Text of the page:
ERIN MOARATTY: Even patients who are fully insured find that a lot of out-of-pocket costs fall on them as a result of copays, co-insurance, deductibles, plan limitations and exclusions. If you find that you are unable to pay your bills, I would highly recommend that you talk to the hospitals or facilities where you received treatment—there may be a charity program available. You don’t want too much time to pass, because once a bill goes to collection, most hospitals will not pull it out.
A lump-sum or prompt-pay discount also may be an option. This is when the billed amount is reduced by the treating facility if paid in full by an agreed-upon deadline. If a medical facility awards you a discount or a full charity write-off, take the letter of award to your treating doctors and laboratories to discuss the possibility of their following suit.
Since the Patient Protection and Affordable Care Act (PPACA) became law in March 2010, patients facing large medical bills as a result of their illnesses also benefit from the elimination of lifetime [benefit] caps on insurance plans. For cancer patients in particular, it is not uncommon to reach lifetime caps due to the high cost of treatment.
The law also prohibits insurers from denying coverage of pre-existing health conditions when a child is diagnosed with a medical condition prior to his or her 19th birthday. In 2014, the same rules will apply to adults. In the meantime, every state is required to offer a pre-existing condition insurance plan (PCIP) for those unable to secure insurance coverage elsewhere. The cost of the plan varies depending on the state, your age and the plan you choose. For example, a PCIP extended plan for a 19- to 34-year-old in Arizona would cost $234 per month. The same plan for a 55-year-old would cost $749 per month. These plans, while not inexpensive, are far less costly than being uninsured and fully responsible for medical expenses.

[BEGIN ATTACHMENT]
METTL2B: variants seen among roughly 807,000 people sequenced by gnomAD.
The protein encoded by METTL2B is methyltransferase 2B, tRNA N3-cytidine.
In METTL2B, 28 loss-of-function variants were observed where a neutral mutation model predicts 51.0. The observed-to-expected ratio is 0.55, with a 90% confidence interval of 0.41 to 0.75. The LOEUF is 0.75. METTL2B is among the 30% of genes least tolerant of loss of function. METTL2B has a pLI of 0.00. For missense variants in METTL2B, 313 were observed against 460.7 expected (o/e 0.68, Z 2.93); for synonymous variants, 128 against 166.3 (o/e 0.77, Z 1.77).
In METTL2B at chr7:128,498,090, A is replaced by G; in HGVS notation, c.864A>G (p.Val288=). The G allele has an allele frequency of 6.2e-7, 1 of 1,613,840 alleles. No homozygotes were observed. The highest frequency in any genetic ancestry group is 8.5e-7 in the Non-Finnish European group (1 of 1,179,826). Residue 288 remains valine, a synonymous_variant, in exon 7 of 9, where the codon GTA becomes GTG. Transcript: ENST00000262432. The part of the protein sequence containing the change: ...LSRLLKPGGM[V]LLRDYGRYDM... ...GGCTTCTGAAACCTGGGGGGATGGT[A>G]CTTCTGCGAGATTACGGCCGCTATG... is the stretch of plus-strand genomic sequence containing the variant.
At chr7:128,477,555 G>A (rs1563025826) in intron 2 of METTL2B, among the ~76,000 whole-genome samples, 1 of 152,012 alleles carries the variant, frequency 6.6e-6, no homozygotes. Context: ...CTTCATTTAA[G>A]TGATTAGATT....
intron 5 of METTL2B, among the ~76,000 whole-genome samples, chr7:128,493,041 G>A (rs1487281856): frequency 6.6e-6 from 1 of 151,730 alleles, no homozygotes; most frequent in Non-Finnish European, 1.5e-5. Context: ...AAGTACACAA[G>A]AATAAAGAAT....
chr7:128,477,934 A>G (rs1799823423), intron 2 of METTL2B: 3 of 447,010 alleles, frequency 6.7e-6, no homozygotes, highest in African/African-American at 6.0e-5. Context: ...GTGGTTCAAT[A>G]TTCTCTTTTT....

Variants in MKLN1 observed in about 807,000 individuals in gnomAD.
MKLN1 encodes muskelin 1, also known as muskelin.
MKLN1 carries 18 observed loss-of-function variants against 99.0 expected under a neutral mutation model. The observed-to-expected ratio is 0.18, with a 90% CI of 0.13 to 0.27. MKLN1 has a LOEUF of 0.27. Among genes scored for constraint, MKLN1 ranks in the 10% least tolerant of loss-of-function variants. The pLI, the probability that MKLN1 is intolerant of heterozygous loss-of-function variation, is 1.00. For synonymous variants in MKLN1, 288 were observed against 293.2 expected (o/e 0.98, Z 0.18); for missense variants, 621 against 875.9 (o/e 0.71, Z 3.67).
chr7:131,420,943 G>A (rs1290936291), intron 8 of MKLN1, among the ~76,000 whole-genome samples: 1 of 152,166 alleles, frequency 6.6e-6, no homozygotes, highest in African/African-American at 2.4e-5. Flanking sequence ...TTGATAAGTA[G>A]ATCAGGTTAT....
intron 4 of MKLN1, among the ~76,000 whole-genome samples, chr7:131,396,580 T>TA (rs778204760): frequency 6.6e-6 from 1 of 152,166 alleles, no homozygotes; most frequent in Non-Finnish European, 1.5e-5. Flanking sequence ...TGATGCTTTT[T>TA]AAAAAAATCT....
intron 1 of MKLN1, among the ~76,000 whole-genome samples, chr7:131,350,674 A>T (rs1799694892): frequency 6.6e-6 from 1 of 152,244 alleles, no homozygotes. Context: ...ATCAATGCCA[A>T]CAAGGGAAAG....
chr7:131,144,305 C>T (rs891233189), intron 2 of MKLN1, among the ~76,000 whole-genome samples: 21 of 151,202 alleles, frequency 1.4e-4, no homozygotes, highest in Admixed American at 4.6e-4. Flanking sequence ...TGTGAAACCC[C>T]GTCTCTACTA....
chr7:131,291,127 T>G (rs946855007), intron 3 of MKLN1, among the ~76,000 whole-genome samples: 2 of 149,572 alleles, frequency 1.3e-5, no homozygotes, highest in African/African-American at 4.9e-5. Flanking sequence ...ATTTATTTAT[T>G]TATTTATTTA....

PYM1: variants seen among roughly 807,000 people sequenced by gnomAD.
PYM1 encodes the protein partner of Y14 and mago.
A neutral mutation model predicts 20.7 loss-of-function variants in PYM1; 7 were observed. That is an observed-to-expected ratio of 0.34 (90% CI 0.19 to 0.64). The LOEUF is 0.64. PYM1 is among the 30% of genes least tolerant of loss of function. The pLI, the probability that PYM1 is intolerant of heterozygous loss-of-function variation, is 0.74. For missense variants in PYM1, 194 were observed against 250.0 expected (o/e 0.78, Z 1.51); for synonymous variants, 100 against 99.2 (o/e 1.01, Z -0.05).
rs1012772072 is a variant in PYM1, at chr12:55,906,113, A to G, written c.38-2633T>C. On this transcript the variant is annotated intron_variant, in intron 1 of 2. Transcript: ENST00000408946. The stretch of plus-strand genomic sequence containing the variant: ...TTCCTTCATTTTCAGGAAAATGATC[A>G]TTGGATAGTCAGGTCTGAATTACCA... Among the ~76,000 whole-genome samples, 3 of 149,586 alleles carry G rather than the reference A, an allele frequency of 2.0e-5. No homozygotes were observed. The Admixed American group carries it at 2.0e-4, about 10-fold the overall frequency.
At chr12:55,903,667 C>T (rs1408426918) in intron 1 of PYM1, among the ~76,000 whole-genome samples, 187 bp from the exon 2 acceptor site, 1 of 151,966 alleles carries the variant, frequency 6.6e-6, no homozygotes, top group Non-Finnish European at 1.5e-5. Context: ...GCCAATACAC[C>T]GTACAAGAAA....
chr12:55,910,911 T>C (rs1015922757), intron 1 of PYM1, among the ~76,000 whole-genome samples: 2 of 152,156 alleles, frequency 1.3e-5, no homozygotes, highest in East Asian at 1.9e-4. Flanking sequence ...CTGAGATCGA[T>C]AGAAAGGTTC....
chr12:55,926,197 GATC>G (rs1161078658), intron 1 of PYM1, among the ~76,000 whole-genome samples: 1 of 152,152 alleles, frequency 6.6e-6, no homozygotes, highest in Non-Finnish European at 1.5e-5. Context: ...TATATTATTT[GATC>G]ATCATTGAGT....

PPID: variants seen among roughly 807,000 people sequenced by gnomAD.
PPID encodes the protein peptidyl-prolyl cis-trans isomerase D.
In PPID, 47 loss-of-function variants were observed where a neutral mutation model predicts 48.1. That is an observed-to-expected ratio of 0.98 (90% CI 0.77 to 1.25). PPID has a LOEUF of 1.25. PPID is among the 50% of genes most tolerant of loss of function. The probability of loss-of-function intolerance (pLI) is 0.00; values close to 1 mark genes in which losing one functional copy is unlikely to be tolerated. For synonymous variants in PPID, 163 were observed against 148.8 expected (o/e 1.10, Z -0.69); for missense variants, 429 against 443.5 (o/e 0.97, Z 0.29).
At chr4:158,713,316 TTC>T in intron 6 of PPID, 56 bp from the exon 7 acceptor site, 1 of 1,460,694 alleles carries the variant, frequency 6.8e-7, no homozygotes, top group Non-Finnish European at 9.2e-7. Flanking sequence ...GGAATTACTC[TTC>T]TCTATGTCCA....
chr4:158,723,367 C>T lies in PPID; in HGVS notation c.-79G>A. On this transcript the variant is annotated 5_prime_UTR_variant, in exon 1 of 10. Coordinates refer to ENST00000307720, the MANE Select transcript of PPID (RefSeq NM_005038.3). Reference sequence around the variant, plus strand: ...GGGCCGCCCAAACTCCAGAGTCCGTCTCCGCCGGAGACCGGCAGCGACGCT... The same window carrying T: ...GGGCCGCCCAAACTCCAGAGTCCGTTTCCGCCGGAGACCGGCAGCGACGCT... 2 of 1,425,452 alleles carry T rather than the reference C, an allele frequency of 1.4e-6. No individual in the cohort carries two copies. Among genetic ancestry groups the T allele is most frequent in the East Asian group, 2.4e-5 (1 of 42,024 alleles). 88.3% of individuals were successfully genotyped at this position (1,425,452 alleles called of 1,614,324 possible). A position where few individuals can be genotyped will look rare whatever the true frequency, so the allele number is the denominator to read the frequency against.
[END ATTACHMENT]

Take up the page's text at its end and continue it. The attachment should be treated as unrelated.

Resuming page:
If you’re no longer able to work after diagnosis and you’re the policyholder for your benefits, talk to your human resources department to see if you qualify for benefits such as disability or COBRA. Also, a reduction or loss of income may open the doors to local or federal programs for which you didn’t previously qualify. If a cancer diagnosis is aggressive or disabling enough, a patient may qualify for Social Security Disability benefits. This would supply a source of income and eventually make the patient eligible for Medicare and—depending on his or her financial qualifications—possibly Medicaid.
FINANCIAL RESOURCES FOR CANCER PATIENTS // Patient Advocate Foundation specializes in helping patients find financial assistance when they have a life-threatening, chronic or debilitating disease. 1-800-532-5274 // Patient Advocate Foundation Co-Pay Relief Program helps insured patients with the costs of prescription drug copays. 1-866-512-3861 // Partnership for Prescription Assistance helps patients without prescription drug coverage obtain their medications. 1-888-477-2669 // insureUStoday.org shows when provisions of the new health care law will take effect. // Pre-Existing Condition Insurance Plan provides details about the health care insurance plan for uninsured Americans who have pre-existing conditions. Those who qualify can apply on the website. 1-866-717-5826